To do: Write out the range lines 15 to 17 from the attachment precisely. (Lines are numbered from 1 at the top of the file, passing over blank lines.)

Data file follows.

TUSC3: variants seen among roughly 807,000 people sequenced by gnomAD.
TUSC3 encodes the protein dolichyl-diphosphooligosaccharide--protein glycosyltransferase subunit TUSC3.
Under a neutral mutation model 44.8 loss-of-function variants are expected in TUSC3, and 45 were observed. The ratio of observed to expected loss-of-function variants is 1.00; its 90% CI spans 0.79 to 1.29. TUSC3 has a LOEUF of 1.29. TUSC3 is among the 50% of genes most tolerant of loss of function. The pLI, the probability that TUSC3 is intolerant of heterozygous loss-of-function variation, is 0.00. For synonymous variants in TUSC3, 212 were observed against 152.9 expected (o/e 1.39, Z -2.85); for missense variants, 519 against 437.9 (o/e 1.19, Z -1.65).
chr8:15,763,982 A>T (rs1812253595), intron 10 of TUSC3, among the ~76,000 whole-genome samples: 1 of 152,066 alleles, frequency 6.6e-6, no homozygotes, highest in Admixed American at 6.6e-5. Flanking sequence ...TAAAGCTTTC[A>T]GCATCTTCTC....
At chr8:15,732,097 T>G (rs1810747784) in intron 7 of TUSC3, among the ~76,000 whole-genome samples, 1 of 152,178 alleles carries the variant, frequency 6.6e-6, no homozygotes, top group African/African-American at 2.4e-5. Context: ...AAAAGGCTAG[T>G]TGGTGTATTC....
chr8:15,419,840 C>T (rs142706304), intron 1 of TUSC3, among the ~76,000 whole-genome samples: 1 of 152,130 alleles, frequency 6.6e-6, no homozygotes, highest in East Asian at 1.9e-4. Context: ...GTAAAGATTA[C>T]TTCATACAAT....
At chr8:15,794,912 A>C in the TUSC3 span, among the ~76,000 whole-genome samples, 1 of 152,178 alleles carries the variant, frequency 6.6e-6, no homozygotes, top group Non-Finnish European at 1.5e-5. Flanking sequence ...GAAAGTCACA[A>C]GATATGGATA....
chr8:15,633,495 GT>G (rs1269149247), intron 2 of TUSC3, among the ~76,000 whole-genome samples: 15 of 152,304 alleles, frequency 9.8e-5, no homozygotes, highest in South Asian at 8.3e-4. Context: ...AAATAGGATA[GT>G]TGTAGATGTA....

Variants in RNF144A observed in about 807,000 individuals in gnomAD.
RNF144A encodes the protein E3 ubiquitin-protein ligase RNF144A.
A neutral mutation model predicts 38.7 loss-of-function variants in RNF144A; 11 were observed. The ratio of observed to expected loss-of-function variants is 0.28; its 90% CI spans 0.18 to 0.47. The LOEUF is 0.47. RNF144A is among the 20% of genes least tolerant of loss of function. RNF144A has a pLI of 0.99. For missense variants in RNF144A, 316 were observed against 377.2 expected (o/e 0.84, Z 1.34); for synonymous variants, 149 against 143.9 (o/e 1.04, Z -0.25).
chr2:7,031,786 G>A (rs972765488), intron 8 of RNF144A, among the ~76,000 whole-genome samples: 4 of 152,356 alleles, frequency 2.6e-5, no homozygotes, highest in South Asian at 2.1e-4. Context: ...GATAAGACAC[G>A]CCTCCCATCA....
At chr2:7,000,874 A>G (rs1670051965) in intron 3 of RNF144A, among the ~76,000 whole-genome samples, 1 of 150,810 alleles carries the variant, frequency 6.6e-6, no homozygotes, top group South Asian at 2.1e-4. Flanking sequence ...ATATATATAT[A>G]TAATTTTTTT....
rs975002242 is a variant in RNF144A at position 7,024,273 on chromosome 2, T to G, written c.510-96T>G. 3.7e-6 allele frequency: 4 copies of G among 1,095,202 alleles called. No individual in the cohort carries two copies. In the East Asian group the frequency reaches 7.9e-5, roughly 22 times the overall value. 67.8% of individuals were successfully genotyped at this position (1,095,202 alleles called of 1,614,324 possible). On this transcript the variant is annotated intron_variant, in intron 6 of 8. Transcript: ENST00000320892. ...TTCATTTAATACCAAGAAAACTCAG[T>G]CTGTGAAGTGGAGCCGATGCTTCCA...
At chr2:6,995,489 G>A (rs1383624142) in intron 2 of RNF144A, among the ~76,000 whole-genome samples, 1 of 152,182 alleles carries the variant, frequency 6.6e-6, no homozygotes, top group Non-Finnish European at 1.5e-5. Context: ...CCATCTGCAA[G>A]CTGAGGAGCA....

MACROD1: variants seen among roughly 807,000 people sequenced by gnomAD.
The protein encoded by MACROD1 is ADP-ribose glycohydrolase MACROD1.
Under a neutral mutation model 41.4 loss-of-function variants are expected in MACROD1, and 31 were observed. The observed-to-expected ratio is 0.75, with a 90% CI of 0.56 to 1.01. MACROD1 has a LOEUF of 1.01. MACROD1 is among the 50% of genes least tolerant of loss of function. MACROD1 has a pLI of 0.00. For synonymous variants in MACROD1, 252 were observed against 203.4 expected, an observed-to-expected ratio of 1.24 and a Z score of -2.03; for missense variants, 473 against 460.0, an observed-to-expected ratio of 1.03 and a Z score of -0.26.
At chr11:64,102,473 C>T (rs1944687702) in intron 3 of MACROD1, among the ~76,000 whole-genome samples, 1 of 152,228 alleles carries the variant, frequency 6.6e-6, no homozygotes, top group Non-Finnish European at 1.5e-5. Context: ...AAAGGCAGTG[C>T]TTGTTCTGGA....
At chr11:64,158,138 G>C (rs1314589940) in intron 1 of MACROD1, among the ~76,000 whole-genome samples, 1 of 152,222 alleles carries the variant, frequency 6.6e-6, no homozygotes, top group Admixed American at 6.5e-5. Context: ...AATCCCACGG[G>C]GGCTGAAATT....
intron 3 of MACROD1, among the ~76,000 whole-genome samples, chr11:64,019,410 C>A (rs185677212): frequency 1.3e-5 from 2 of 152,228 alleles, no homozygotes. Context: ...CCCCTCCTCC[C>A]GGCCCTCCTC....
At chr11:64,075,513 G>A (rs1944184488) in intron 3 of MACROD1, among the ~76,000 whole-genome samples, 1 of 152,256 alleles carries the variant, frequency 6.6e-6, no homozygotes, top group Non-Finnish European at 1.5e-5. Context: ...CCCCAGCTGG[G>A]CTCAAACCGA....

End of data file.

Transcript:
At chr2:6,995,489 G>A (rs1383624142) in intron 2 of RNF144A, among the ~76,000 whole-genome samples, 1 of 152,182 alleles carries the variant, frequency 6.6e-6, no homozygotes, top group Non-Finnish European at 1.5e-5. Context: ...CCATCTGCAA[G>A]CTGAGGAGCA....

MACROD1: variants seen among roughly 807,000 people sequenced by gnomAD.
The protein encoded by MACROD1 is ADP-ribose glycohydrolase MACROD1.